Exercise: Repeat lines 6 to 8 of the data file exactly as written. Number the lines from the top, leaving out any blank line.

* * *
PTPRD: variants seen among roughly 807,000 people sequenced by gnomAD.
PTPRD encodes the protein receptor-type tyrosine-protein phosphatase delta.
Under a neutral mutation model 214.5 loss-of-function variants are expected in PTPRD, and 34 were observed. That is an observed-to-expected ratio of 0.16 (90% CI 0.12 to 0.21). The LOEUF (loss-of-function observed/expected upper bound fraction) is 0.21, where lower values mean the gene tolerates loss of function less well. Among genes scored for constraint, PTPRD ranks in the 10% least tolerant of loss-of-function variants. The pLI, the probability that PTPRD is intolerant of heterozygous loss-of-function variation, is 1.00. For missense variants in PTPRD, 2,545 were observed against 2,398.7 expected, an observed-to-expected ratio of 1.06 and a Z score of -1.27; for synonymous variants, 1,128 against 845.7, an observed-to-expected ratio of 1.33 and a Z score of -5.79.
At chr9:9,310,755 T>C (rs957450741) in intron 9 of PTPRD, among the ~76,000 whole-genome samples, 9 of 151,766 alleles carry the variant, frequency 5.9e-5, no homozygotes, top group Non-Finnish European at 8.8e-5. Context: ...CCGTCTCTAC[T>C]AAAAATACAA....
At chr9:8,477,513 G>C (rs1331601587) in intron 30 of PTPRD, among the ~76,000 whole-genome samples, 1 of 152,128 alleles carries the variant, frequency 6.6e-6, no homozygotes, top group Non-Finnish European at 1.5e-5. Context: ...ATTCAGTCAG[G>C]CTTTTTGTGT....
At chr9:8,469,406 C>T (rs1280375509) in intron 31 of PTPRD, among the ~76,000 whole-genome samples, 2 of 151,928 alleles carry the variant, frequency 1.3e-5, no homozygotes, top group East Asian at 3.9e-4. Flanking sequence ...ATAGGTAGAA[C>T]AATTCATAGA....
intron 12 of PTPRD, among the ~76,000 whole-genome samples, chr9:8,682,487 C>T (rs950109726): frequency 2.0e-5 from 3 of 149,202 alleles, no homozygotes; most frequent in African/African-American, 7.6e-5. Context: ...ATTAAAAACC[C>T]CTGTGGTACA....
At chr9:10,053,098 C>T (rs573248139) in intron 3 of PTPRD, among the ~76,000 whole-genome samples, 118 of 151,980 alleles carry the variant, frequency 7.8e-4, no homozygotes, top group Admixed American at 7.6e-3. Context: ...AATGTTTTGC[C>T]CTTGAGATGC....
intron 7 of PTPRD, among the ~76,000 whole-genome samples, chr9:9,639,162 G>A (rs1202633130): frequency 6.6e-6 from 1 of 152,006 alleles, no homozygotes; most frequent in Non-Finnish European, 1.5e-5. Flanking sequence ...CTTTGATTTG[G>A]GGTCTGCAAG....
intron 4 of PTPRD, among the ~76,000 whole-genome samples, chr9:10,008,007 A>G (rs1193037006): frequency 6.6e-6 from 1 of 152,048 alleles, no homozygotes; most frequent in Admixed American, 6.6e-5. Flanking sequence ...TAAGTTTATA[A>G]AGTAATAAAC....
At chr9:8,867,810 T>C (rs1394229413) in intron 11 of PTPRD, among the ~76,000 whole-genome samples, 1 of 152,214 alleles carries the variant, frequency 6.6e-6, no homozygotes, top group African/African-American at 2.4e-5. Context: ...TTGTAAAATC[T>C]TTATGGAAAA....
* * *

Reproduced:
At chr9:8,469,406 C>T (rs1280375509) in intron 31 of PTPRD, among the ~76,000 whole-genome samples, 2 of 151,928 alleles carry the variant, frequency 1.3e-5, no homozygotes, top group East Asian at 3.9e-4. Flanking sequence ...ATAGGTAGAA[C>T]AATTCATAGA....
intron 12 of PTPRD, among the ~76,000 whole-genome samples, chr9:8,682,487 C>T (rs950109726): frequency 2.0e-5 from 3 of 149,202 alleles, no homozygotes; most frequent in African/African-American, 7.6e-5. Context: ...ATTAAAAACC[C>T]CTGTGGTACA....
At chr9:10,053,098 C>T (rs573248139) in intron 3 of PTPRD, among the ~76,000 whole-genome samples, 118 of 151,980 alleles carry the variant, frequency 7.8e-4, no homozygotes, top group Admixed American at 7.6e-3. Context: ...AATGTTTTGC[C>T]CTTGAGATGC....